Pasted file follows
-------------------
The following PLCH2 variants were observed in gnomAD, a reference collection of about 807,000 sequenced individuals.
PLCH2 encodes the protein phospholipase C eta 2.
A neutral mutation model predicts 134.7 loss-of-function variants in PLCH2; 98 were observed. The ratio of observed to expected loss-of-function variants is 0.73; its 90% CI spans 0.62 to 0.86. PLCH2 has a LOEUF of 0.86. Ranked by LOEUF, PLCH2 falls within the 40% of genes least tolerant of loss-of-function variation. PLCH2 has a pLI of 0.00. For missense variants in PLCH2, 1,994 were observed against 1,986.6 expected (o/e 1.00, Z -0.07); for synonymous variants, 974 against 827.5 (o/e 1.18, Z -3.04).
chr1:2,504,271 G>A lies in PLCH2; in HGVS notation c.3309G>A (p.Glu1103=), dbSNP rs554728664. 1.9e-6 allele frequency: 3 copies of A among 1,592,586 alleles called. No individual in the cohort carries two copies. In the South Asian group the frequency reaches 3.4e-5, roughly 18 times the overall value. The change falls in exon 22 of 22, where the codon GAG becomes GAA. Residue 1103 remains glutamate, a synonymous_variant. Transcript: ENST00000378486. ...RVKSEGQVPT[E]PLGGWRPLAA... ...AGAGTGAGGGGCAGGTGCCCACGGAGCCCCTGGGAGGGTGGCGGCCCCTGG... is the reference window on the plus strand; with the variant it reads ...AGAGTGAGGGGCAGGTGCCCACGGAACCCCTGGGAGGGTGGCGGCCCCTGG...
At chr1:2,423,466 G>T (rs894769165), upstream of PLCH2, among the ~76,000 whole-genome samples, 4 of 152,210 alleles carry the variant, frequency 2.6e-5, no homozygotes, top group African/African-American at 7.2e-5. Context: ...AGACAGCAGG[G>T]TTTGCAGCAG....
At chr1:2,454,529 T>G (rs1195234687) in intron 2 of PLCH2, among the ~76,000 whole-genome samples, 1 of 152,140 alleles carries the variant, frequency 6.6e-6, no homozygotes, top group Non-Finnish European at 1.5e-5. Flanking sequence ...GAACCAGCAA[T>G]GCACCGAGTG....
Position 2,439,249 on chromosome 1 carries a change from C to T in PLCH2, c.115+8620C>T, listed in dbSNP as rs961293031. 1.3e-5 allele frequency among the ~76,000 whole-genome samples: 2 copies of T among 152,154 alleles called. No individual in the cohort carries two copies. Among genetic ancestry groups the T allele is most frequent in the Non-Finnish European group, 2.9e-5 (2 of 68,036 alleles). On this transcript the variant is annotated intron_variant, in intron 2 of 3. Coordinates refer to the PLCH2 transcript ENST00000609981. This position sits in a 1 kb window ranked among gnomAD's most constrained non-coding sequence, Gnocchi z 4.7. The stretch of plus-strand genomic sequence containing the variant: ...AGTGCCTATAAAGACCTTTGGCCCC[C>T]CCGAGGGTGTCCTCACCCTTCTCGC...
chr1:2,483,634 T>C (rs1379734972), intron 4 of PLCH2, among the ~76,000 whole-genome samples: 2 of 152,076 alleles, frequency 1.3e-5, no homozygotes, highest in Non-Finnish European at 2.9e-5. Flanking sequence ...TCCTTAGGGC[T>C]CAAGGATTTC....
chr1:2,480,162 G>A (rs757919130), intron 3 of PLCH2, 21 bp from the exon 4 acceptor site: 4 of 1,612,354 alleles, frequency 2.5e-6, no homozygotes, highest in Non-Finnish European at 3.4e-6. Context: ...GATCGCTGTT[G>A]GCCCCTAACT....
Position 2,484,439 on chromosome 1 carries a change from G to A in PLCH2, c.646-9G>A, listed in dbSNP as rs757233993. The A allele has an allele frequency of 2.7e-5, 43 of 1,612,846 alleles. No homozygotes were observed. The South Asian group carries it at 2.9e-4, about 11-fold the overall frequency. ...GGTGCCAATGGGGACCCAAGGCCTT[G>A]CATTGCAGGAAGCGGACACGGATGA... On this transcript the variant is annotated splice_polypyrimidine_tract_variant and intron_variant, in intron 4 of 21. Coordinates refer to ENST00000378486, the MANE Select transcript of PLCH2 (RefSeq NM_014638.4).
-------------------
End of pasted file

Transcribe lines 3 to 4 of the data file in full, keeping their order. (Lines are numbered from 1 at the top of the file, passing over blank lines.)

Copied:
A neutral mutation model predicts 134.7 loss-of-function variants in PLCH2; 98 were observed. The ratio of observed to expected loss-of-function variants is 0.73; its 90% CI spans 0.62 to 0.86. PLCH2 has a LOEUF of 0.86. Ranked by LOEUF, PLCH2 falls within the 40% of genes least tolerant of loss-of-function variation. PLCH2 has a pLI of 0.00. For missense variants in PLCH2, 1,994 were observed against 1,986.6 expected (o/e 1.00, Z -0.07); for synonymous variants, 974 against 827.5 (o/e 1.18, Z -3.04).
chr1:2,504,271 G>A lies in PLCH2; in HGVS notation c.3309G>A (p.Glu1103=), dbSNP rs554728664. 1.9e-6 allele frequency: 3 copies of A among 1,592,586 alleles called. No individual in the cohort carries two copies. In the South Asian group the frequency reaches 3.4e-5, roughly 18 times the overall value. The change falls in exon 22 of 22, where the codon GAG becomes GAA. Residue 1103 remains glutamate, a synonymous_variant. Transcript: ENST00000378486. ...RVKSEGQVPT[E]PLGGWRPLAA... ...AGAGTGAGGGGCAGGTGCCCACGGAGCCCCTGGGAGGGTGGCGGCCCCTGG... is the reference window on the plus strand; with the variant it reads ...AGAGTGAGGGGCAGGTGCCCACGGAACCCCTGGGAGGGTGGCGGCCCCTGG...